Building a Europe for and with children

Celebrating 25 years of the United Nations Convention on the Rights of the Child 


The welcome and perhaps long-overdue arrival of the United Nations Convention on the Rights of the Child (UNCRC) 25 years ago gave us all the definitive text to anchor our work towards protecting children’s rights. The under-18s in 1989 could welcome the fact that their rights were finally spelled out in a single document; a treaty that was gratifyingly speedily adopted by almost all nations. The UNCRC is one of the most complete international human rights instruments that exist and clearly positions children as rights holders with a full set of political, social and cultural human rights.

For all those working with and for children we can say that we have come a long way, have achieved much, yet still seemingly have a long way to go. The UNCRC demands from states globally that children are afforded protection from violence and it also expects that childrens’ best interests are taken into account.

To pay tribute to the challenges overcome and to underline the challenges that remain, the Council of Europe dedicates this week to the celebrations of the 25th anniversary of the UNCRC. See here for further details.

Below is an overview of some of the activities the Council of Europe has undertaken under the Strategy for the Rights of the Child 2012-2015 to guarantee the effective implementation of children’s rights as set out in the UNCRC.

 1. Child-friendly services and systems:

The Council of Europe has aimed its efforts towards securing the rights of children in care by educating children about their rights as set forth in the UNCRC. This has been achieved by standard setting through Recommendations as well as by providing guidance to professionals working with children in care.

    Child-friendly social services
It is important that the provision of social services that have an effect on the rights of a child be based on individual assessment of the child’s needs and circumstances. Child participation must also be guaranteed in all cases. See the Recommendation on children’s rights and social services friendly to children and families.

The Council of Europe aims to implement child-friendly justice and to improve children’s access to justice. In 2010 the Council of Europe consulted with children and gathered their views on justice systems.  This led to the adoption of Guidelines on child friendly justice that are intended for use by professionals working in the criminal, civil or administrative justice systems.

2. Violence against children

As enshrined in Article 19 of the UNCRC all children shall be guaranteed protection from all forms of physical or mental violence.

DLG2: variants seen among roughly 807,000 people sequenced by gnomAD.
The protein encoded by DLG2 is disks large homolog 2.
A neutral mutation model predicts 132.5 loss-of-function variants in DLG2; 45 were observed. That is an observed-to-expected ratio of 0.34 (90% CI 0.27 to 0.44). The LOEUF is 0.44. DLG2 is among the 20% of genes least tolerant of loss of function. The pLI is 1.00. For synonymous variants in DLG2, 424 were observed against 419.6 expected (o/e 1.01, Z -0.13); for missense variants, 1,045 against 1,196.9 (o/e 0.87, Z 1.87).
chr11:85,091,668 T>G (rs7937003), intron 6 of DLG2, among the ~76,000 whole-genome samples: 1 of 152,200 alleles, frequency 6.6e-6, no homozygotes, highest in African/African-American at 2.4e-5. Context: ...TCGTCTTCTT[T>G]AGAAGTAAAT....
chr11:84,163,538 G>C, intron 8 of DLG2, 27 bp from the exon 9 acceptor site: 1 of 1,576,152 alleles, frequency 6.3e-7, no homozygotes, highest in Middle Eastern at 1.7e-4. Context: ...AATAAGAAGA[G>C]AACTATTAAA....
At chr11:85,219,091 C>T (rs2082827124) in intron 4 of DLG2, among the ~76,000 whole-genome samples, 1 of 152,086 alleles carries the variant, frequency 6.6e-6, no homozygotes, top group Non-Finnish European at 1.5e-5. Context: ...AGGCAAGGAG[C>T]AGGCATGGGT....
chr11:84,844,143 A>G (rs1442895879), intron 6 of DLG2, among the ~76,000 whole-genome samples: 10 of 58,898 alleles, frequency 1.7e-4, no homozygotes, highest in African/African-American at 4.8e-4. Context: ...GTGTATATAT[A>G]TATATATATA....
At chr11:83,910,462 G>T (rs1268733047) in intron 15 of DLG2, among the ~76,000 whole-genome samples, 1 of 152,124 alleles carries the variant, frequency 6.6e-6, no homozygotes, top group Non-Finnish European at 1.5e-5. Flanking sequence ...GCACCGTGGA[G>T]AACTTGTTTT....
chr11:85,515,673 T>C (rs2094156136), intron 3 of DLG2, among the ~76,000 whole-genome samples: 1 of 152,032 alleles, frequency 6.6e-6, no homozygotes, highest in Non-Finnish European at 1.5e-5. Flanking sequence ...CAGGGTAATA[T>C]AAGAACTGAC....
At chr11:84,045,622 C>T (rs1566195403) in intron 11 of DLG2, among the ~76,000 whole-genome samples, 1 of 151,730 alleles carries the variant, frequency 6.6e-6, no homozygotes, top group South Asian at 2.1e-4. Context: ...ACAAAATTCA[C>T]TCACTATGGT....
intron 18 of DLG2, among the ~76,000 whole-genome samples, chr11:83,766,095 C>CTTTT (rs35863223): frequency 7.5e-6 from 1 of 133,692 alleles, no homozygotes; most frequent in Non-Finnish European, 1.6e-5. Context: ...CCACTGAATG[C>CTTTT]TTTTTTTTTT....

Violence against children can, for instance, take the form of bullying, violence in schools, sexual violence or corporal punishment. The Council of Europefights to end all forms of violence against children by adopting Conventions, standard setting through Recommendations and by raising awareness through the initiation of campaigns.


Bullying is a common problem worldwide which negatively impacts children psychologically and infringes their right to learn in a safe environment. The Council of Europe has developed a training pack to support existing violence prevention schemes in Europe. See the Beat Bullying video here.

Corporal punishment

Corporal punishment is the most widespread form of violence against children. The Council of Europe is challenging corporal punishment by campaigning for its abolition and by actively promoting positive parenting. Thus far 26 member states have introduced a full prohibition of corporal punishment in all settings. See the campaign against corporal punishment: Raise your hand against smacking !

    Sexual Violence

Available data suggests that about one in five children in Europe are victims of some form of sexual violence. The Council of Europe has taken action to fight for enhanced protection of children against sexual violence by creating the Lanzarote Convention on the protection of children against sexual exploitation and sexual abuse. Thus far 34 member states have ratified the Convention.

See here for the ONE in FIVE Campaignaiming to achieve further ratification of the Lanzarote Convention and to equip children, families and societies with knowledge on sexual violence against children, ans here to view the awareness-raising video “The Lake”, and here to view the materials: Kiko and the Hand.

A further video “Keep me safe” illustrates good practices taking place in different member states through prevention of sexual violence and education and protection of victims.

3. Child participation

The right of children to participate in all matters which concern them is guaranteed in Article 12 of the UNCRC. The Council of Europe believes that all citizens have the right to participate in the workings of democratic society and that children are no exception! In 2014 the Council of Europe created the Child Participation Assessment Tool which is intended to measure progress in promoting the rights of children to be heard.